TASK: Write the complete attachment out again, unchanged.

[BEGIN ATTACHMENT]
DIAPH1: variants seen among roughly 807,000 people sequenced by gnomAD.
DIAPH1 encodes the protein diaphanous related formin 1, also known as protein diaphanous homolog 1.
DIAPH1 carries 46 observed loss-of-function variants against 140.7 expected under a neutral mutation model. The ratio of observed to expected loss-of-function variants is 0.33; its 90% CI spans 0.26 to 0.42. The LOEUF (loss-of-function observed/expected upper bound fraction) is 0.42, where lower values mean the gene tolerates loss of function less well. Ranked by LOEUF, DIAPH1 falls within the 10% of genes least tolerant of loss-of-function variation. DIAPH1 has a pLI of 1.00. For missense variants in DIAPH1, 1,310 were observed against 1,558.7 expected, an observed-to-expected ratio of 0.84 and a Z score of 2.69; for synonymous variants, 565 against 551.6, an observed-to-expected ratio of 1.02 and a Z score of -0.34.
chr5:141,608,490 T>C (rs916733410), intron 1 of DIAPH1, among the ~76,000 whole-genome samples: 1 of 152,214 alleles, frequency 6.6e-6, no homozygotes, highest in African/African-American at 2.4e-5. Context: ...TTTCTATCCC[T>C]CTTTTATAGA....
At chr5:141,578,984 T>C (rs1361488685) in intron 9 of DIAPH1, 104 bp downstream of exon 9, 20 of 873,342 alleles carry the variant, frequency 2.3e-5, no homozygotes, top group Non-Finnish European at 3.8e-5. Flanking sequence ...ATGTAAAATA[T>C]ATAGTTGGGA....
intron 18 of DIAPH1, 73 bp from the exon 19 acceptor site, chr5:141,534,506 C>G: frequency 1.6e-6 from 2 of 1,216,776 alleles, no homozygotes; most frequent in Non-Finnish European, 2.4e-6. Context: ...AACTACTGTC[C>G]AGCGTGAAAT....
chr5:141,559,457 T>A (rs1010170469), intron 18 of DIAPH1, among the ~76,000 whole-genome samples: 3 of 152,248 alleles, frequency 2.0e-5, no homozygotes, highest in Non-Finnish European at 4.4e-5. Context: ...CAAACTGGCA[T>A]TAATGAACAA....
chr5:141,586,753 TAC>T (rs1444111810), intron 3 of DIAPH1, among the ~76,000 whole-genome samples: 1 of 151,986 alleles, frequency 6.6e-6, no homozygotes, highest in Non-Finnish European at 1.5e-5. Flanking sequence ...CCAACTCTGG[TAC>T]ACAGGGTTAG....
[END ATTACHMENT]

DIAPH1: variants seen among roughly 807,000 people sequenced by gnomAD.
DIAPH1 encodes the protein diaphanous related formin 1, also known as protein diaphanous homolog 1.
DIAPH1 carries 46 observed loss-of-function variants against 140.7 expected under a neutral mutation model. The ratio of observed to expected loss-of-function variants is 0.33; its 90% CI spans 0.26 to 0.42. The LOEUF (loss-of-function observed/expected upper bound fraction) is 0.42, where lower values mean the gene tolerates loss of function less well. Ranked by LOEUF, DIAPH1 falls within the 10% of genes least tolerant of loss-of-function variation. DIAPH1 has a pLI of 1.00. For missense variants in DIAPH1, 1,310 were observed against 1,558.7 expected, an observed-to-expected ratio of 0.84 and a Z score of 2.69; for synonymous variants, 565 against 551.6, an observed-to-expected ratio of 1.02 and a Z score of -0.34.
chr5:141,608,490 T>C (rs916733410), intron 1 of DIAPH1, among the ~76,000 whole-genome samples: 1 of 152,214 alleles, frequency 6.6e-6, no homozygotes, highest in African/African-American at 2.4e-5. Context: ...TTTCTATCCC[T>C]CTTTTATAGA....
At chr5:141,578,984 T>C (rs1361488685) in intron 9 of DIAPH1, 104 bp downstream of exon 9, 20 of 873,342 alleles carry the variant, frequency 2.3e-5, no homozygotes, top group Non-Finnish European at 3.8e-5. Flanking sequence ...ATGTAAAATA[T>C]ATAGTTGGGA....
intron 18 of DIAPH1, 73 bp from the exon 19 acceptor site, chr5:141,534,506 C>G: frequency 1.6e-6 from 2 of 1,216,776 alleles, no homozygotes; most frequent in Non-Finnish European, 2.4e-6. Context: ...AACTACTGTC[C>G]AGCGTGAAAT....
chr5:141,559,457 T>A (rs1010170469), intron 18 of DIAPH1, among the ~76,000 whole-genome samples: 3 of 152,248 alleles, frequency 2.0e-5, no homozygotes, highest in Non-Finnish European at 4.4e-5. Context: ...CAAACTGGCA[T>A]TAATGAACAA....
chr5:141,586,753 TAC>T (rs1444111810), intron 3 of DIAPH1, among the ~76,000 whole-genome samples: 1 of 151,986 alleles, frequency 6.6e-6, no homozygotes, highest in Non-Finnish European at 1.5e-5. Flanking sequence ...CCAACTCTGG[TAC>T]ACAGGGTTAG....